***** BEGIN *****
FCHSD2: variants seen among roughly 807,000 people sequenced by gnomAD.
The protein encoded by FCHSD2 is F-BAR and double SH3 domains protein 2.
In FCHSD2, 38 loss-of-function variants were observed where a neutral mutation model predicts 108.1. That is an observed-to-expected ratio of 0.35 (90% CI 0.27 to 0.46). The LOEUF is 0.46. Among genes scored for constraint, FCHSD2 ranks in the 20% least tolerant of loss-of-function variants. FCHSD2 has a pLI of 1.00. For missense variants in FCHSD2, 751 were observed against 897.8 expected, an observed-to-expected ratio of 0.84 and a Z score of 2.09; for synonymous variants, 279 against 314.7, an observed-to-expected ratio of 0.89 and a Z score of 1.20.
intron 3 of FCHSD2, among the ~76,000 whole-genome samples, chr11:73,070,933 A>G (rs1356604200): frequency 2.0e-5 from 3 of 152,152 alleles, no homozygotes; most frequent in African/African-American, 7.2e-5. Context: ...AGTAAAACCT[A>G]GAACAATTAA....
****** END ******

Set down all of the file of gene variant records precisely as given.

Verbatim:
FCHSD2: variants seen among roughly 807,000 people sequenced by gnomAD.
The protein encoded by FCHSD2 is F-BAR and double SH3 domains protein 2.
In FCHSD2, 38 loss-of-function variants were observed where a neutral mutation model predicts 108.1. That is an observed-to-expected ratio of 0.35 (90% CI 0.27 to 0.46). The LOEUF is 0.46. Among genes scored for constraint, FCHSD2 ranks in the 20% least tolerant of loss-of-function variants. FCHSD2 has a pLI of 1.00. For missense variants in FCHSD2, 751 were observed against 897.8 expected, an observed-to-expected ratio of 0.84 and a Z score of 2.09; for synonymous variants, 279 against 314.7, an observed-to-expected ratio of 0.89 and a Z score of 1.20.
intron 3 of FCHSD2, among the ~76,000 whole-genome samples, chr11:73,070,933 A>G (rs1356604200): frequency 2.0e-5 from 3 of 152,152 alleles, no homozygotes; most frequent in African/African-American, 7.2e-5. Context: ...AGTAAAACCT[A>G]GAACAATTAA....